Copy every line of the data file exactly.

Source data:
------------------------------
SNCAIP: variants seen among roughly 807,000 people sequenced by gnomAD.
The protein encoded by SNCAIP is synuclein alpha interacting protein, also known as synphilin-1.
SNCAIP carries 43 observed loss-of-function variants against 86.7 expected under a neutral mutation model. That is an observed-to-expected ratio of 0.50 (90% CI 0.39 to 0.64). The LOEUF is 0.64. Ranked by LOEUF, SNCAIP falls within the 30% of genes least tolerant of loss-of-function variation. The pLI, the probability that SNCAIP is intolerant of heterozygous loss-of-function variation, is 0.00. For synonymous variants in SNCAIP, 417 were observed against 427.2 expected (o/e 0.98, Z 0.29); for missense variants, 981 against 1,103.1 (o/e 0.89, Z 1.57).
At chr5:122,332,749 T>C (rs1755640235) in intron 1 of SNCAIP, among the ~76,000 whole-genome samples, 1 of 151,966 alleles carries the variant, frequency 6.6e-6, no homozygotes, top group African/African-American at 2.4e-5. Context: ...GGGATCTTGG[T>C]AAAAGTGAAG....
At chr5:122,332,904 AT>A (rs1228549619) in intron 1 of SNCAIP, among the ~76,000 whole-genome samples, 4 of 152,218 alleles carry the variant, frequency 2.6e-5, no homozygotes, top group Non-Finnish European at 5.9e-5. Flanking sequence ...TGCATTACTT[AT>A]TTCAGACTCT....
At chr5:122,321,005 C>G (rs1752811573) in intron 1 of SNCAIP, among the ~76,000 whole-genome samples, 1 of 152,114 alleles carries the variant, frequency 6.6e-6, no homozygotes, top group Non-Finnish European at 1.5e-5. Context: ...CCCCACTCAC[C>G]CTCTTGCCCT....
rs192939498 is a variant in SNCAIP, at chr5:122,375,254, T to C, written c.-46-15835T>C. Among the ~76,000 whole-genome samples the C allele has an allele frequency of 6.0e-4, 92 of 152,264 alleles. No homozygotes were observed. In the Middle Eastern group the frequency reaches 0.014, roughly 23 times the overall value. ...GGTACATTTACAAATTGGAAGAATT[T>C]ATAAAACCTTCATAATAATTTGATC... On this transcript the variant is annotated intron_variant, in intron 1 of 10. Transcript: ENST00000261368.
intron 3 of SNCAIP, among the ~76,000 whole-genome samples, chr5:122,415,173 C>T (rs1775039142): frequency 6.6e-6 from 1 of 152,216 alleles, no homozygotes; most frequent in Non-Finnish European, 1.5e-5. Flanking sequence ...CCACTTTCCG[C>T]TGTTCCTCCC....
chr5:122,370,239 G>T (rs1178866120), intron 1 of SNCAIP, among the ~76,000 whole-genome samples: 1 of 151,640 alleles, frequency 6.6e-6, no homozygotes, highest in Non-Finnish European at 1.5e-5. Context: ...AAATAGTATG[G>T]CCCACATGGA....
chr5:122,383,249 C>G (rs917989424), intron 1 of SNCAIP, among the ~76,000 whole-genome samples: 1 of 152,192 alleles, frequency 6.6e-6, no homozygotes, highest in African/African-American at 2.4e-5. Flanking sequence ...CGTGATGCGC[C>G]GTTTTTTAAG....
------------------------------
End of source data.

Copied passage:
SNCAIP: variants seen among roughly 807,000 people sequenced by gnomAD.
The protein encoded by SNCAIP is synuclein alpha interacting protein, also known as synphilin-1.
SNCAIP carries 43 observed loss-of-function variants against 86.7 expected under a neutral mutation model. That is an observed-to-expected ratio of 0.50 (90% CI 0.39 to 0.64). The LOEUF is 0.64. Ranked by LOEUF, SNCAIP falls within the 30% of genes least tolerant of loss-of-function variation. The pLI, the probability that SNCAIP is intolerant of heterozygous loss-of-function variation, is 0.00. For synonymous variants in SNCAIP, 417 were observed against 427.2 expected (o/e 0.98, Z 0.29); for missense variants, 981 against 1,103.1 (o/e 0.89, Z 1.57).
At chr5:122,332,749 T>C (rs1755640235) in intron 1 of SNCAIP, among the ~76,000 whole-genome samples, 1 of 151,966 alleles carries the variant, frequency 6.6e-6, no homozygotes, top group African/African-American at 2.4e-5. Context: ...GGGATCTTGG[T>C]AAAAGTGAAG....
At chr5:122,332,904 AT>A (rs1228549619) in intron 1 of SNCAIP, among the ~76,000 whole-genome samples, 4 of 152,218 alleles carry the variant, frequency 2.6e-5, no homozygotes, top group Non-Finnish European at 5.9e-5. Flanking sequence ...TGCATTACTT[AT>A]TTCAGACTCT....
At chr5:122,321,005 C>G (rs1752811573) in intron 1 of SNCAIP, among the ~76,000 whole-genome samples, 1 of 152,114 alleles carries the variant, frequency 6.6e-6, no homozygotes, top group Non-Finnish European at 1.5e-5. Context: ...CCCCACTCAC[C>G]CTCTTGCCCT....
rs192939498 is a variant in SNCAIP, at chr5:122,375,254, T to C, written c.-46-15835T>C. Among the ~76,000 whole-genome samples the C allele has an allele frequency of 6.0e-4, 92 of 152,264 alleles. No homozygotes were observed. In the Middle Eastern group the frequency reaches 0.014, roughly 23 times the overall value. ...GGTACATTTACAAATTGGAAGAATT[T>C]ATAAAACCTTCATAATAATTTGATC... On this transcript the variant is annotated intron_variant, in intron 1 of 10. Transcript: ENST00000261368.
intron 3 of SNCAIP, among the ~76,000 whole-genome samples, chr5:122,415,173 C>T (rs1775039142): frequency 6.6e-6 from 1 of 152,216 alleles, no homozygotes; most frequent in Non-Finnish European, 1.5e-5. Flanking sequence ...CCACTTTCCG[C>T]TGTTCCTCCC....
chr5:122,370,239 G>T (rs1178866120), intron 1 of SNCAIP, among the ~76,000 whole-genome samples: 1 of 151,640 alleles, frequency 6.6e-6, no homozygotes, highest in Non-Finnish European at 1.5e-5. Context: ...AAATAGTATG[G>T]CCCACATGGA....
chr5:122,383,249 C>G (rs917989424), intron 1 of SNCAIP, among the ~76,000 whole-genome samples: 1 of 152,192 alleles, frequency 6.6e-6, no homozygotes, highest in African/African-American at 2.4e-5. Flanking sequence ...CGTGATGCGC[C>G]GTTTTTTAAG....